However, the biggest shock and delight from my PX95 ownership has been its ultra light weight. I think these are the lightest on-ear open headphones I've ever used and it is so easy to just leave them on all day and night. Will these replace my workhorse K403s at my 9+hr/day desk? Quite possibly... but I'd be paranoid of having them stolen though.
vs. the PX100-ii... the PX100 comes with a carry case and folds really nicely for travel. The PX95 can't travel. PX100 may have a bit more detail in the highs.
vs. the PortaPro... PX95 is way more comfortable and easy to put on. Headband does not try to pull my hair out and it isn't a pain to adjust. As stated before, Porta's boominess gets annoying and extended wear creates some pressure points if not perfectly adjusted.
vs. the V-Jays... the V-Jays do sound better sometimes, but L and R are clearly marked on the PX95.. the VJays make it difficult to tell L and R.. and that annoys me.
vs. the K403... tough call, still evaluating this one. The K403 is a bit lighter on bass while still having great extension while still having great highs, making it better for doing work. The K403 folds flat for desk drawer storage...
vs. the SR-80. I can't compare. The SR-80 has better sound in almost all respects, but weighs a TON and the cable is far to large and heavy for portable use.
If you see the PX95 for less than $35 and you love on-ear open headphones. Click buy, don't hesitate, just click buy!!!
Pros - Warm Sound (maybe even basshead), Design, Durability
Cons - Soundstage, You can find better SQ for the price
I was really surprised with the nice little cans from Sennheiser I just bought. The fact is that I've been using for a long time a Shure SRH750DJ for which I have a deep love. I only had a small problem with it after a year because the cable that connects the left speaker to the right broke, I had to do a small chirurgical operation, and I fixed it.
There an't lots of tests going around the web for the PX95, so here's my little opinion about it, and a comparison with my primary headphone I've been using for two years. I an't no expert, but hey, everything's got a start!
The price difference is around 40 bucks. The PX is around 60$ and the Shure can be found at 100$
Both looks neat. Like, really. Shure is a little disappointment though, because it uses quite a lot of gold-colored plastic when Sennheiser's plastic on the PX goes unnoticed. The PX by itself it much more unnoticeable than the mega huge Shure! The PX's much smaller, and weights times lighter than Shure's huge cans, but both are really, really comfortable to wear for hours, maybe even days!
The sound difference is hard to explain briefly : while the PX and the Shure have both a good spatialization, Shure leads because the PX-95 has slightly the 3-way soundstage problem (even though it is an open can). Shure has a pretty neat but cold bass and the PX-95 is warmer but doesn't go as deep, and can be a bit muddy. The main frequency difference is in the mid-high zone, where the PX emphases the waves and the Shure goes for a more V-ish shape. The Shure is MUCH, MUCH brighter, and cold, probably because of the frequency curve, so the vocals and things like cymbals sound awesome, but the guitar chords don't reach the warmness of the PX95, that masters the mid part. It seems to me that the PX95 is more of a Jazz and Classical music, and the Shure sends shivers during Techno/Trance music. Both headphones have a personality that goes along with their aimed music styles. Still, hearing things like Celtic, Progressive Jazz or Ska with both headphones is a great pleasure that I had for a few listening hours!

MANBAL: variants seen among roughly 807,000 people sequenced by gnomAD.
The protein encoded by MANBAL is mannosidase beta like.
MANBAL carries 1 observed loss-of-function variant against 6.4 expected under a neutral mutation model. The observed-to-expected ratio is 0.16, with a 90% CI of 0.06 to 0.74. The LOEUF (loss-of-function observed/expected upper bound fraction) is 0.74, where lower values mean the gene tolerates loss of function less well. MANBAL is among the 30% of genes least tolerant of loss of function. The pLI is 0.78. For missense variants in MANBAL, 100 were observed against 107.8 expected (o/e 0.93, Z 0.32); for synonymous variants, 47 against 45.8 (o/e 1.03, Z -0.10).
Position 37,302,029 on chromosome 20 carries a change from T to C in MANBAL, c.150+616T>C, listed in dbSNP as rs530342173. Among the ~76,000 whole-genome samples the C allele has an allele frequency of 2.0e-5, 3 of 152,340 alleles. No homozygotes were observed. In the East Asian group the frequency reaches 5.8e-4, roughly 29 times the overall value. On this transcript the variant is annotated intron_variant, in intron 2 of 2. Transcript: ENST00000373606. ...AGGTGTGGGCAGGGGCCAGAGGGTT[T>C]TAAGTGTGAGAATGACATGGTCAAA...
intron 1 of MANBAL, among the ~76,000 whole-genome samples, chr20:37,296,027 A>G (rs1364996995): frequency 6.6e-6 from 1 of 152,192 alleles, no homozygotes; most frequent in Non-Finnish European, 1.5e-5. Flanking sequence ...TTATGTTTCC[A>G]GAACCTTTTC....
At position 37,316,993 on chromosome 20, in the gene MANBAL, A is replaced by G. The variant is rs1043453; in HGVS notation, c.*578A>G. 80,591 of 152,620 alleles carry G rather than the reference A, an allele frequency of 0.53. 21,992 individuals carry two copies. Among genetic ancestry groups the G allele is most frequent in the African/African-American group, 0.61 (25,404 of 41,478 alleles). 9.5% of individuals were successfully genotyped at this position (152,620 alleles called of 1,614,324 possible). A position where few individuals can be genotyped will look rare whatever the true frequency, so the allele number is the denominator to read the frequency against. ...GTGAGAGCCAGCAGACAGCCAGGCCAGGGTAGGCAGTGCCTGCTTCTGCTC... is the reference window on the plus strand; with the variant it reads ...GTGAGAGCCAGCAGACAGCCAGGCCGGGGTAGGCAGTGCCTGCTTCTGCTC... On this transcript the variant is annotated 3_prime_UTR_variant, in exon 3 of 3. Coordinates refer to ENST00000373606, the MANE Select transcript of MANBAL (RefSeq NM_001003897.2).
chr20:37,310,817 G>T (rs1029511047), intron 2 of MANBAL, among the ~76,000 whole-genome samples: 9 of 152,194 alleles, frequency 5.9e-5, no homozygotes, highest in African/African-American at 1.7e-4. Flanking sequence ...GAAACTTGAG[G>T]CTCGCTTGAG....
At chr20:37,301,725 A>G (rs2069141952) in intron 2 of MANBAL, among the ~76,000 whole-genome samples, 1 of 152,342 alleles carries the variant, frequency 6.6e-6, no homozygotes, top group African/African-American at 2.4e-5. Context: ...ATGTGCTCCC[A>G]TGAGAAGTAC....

The Shure clearly won when I had a try in the street, cause the PX95's isolation is null. Shure's not 100% isolated either but it covers well the bass-mid section, so between those two, I had to put two level louder my phone to hear something out of the PX.
So I think that the PX-95 can be interesting for you if you :
1 - Hear music at home (open cans, here you are)
2 - Want a warm and not tiring sound
3 - Want headphones that'll last (they dealt with the bottom of my bag!)
4 - Like the aesthetic of it (brilliant design I must say)
If not, maybe you should look around, maybe something will suit you better at the same range of price!
Oh, and about burning those things, I burned my Shure for thousands of hours as I was using it everyday for a few hours, and I've burnt the PX for more than 100 hours now.
The PX95 by itself
Sennheiser's PX95 and Shure's SRH750DJ